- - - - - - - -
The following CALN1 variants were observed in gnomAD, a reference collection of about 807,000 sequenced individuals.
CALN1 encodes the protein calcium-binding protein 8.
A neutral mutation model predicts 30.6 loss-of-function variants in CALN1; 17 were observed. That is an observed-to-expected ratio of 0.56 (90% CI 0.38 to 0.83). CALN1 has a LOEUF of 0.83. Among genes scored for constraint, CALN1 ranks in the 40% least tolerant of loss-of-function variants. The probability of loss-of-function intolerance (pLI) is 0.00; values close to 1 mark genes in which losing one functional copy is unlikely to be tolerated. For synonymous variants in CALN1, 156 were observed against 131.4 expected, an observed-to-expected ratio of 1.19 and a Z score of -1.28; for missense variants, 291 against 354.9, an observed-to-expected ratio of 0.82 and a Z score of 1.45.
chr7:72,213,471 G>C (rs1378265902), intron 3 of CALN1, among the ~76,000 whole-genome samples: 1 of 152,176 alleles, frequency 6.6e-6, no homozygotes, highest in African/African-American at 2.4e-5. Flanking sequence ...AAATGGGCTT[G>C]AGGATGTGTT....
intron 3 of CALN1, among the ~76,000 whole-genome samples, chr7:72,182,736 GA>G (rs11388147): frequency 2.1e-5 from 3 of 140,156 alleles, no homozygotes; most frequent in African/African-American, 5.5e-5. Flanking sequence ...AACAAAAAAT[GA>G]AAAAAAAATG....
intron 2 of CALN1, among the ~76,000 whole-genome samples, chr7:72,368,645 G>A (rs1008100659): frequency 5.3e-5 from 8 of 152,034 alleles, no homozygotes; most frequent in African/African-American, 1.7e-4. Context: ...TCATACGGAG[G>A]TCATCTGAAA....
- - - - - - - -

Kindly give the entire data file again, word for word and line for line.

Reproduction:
The following CALN1 variants were observed in gnomAD, a reference collection of about 807,000 sequenced individuals.
CALN1 encodes the protein calcium-binding protein 8.
A neutral mutation model predicts 30.6 loss-of-function variants in CALN1; 17 were observed. That is an observed-to-expected ratio of 0.56 (90% CI 0.38 to 0.83). CALN1 has a LOEUF of 0.83. Among genes scored for constraint, CALN1 ranks in the 40% least tolerant of loss-of-function variants. The probability of loss-of-function intolerance (pLI) is 0.00; values close to 1 mark genes in which losing one functional copy is unlikely to be tolerated. For synonymous variants in CALN1, 156 were observed against 131.4 expected, an observed-to-expected ratio of 1.19 and a Z score of -1.28; for missense variants, 291 against 354.9, an observed-to-expected ratio of 0.82 and a Z score of 1.45.
chr7:72,213,471 G>C (rs1378265902), intron 3 of CALN1, among the ~76,000 whole-genome samples: 1 of 152,176 alleles, frequency 6.6e-6, no homozygotes, highest in African/African-American at 2.4e-5. Flanking sequence ...AAATGGGCTT[G>C]AGGATGTGTT....
intron 3 of CALN1, among the ~76,000 whole-genome samples, chr7:72,182,736 GA>G (rs11388147): frequency 2.1e-5 from 3 of 140,156 alleles, no homozygotes; most frequent in African/African-American, 5.5e-5. Flanking sequence ...AACAAAAAAT[GA>G]AAAAAAAATG....
intron 2 of CALN1, among the ~76,000 whole-genome samples, chr7:72,368,645 G>A (rs1008100659): frequency 5.3e-5 from 8 of 152,034 alleles, no homozygotes; most frequent in African/African-American, 1.7e-4. Context: ...TCATACGGAG[G>A]TCATCTGAAA....